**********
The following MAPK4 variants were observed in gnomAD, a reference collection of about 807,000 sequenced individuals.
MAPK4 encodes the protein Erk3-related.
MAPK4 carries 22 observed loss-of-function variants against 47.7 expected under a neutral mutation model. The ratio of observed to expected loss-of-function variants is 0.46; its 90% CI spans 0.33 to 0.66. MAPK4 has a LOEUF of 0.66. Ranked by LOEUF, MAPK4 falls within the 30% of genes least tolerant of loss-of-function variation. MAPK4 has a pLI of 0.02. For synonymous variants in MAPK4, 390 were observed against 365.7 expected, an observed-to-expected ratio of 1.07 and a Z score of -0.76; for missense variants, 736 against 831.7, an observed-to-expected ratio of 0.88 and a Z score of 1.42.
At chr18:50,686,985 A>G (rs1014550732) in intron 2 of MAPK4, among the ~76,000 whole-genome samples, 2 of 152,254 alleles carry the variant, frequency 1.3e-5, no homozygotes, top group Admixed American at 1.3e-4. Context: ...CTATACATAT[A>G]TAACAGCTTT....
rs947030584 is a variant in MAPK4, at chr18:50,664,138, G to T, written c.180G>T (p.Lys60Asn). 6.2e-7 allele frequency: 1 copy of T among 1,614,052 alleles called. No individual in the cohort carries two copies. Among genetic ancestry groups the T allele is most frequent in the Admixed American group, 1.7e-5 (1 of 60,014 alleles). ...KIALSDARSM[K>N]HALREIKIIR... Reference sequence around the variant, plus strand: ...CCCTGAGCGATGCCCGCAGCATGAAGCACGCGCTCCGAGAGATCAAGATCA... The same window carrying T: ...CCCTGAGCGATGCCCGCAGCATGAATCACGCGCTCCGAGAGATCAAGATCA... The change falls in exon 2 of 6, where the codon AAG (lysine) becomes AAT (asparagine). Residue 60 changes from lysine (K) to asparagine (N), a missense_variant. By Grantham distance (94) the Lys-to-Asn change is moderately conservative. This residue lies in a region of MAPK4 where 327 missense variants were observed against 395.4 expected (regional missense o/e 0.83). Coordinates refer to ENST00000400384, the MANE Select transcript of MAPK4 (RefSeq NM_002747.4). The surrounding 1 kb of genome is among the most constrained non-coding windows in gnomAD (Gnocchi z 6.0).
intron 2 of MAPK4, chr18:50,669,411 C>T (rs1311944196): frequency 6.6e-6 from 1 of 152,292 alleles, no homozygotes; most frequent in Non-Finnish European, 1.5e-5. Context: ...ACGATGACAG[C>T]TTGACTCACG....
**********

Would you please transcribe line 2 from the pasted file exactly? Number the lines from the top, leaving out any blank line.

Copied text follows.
MAPK4 encodes the protein Erk3-related.